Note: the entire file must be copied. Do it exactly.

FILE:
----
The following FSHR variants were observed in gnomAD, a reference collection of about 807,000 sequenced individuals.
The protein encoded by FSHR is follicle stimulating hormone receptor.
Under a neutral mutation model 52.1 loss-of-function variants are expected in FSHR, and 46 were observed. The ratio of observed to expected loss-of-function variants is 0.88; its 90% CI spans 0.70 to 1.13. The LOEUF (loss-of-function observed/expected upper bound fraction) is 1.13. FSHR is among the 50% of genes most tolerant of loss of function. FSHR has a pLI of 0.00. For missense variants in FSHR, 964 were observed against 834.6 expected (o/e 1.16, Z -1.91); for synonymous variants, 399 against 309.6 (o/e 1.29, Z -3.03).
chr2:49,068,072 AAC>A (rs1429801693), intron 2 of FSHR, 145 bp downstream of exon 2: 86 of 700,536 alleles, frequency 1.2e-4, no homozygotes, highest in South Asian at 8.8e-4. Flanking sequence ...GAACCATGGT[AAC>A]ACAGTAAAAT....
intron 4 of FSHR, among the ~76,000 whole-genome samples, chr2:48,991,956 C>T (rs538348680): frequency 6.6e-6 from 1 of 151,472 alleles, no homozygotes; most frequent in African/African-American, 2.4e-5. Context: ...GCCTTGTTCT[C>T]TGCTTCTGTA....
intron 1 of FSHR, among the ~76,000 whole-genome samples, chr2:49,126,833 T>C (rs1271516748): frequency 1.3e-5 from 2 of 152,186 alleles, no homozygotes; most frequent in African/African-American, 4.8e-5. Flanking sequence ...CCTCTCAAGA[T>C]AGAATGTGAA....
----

The following FSHR variants were observed in gnomAD, a reference collection of about 807,000 sequenced individuals.
The protein encoded by FSHR is follicle stimulating hormone receptor.
Under a neutral mutation model 52.1 loss-of-function variants are expected in FSHR, and 46 were observed. The ratio of observed to expected loss-of-function variants is 0.88; its 90% CI spans 0.70 to 1.13. The LOEUF (loss-of-function observed/expected upper bound fraction) is 1.13. FSHR is among the 50% of genes most tolerant of loss of function. FSHR has a pLI of 0.00. For missense variants in FSHR, 964 were observed against 834.6 expected (o/e 1.16, Z -1.91); for synonymous variants, 399 against 309.6 (o/e 1.29, Z -3.03).
chr2:49,068,072 AAC>A (rs1429801693), intron 2 of FSHR, 145 bp downstream of exon 2: 86 of 700,536 alleles, frequency 1.2e-4, no homozygotes, highest in South Asian at 8.8e-4. Flanking sequence ...GAACCATGGT[AAC>A]ACAGTAAAAT....
intron 4 of FSHR, among the ~76,000 whole-genome samples, chr2:48,991,956 C>T (rs538348680): frequency 6.6e-6 from 1 of 151,472 alleles, no homozygotes; most frequent in African/African-American, 2.4e-5. Context: ...GCCTTGTTCT[C>T]TGCTTCTGTA....
intron 1 of FSHR, among the ~76,000 whole-genome samples, chr2:49,126,833 T>C (rs1271516748): frequency 1.3e-5 from 2 of 152,186 alleles, no homozygotes; most frequent in African/African-American, 4.8e-5. Flanking sequence ...CCTCTCAAGA[T>C]AGAATGTGAA....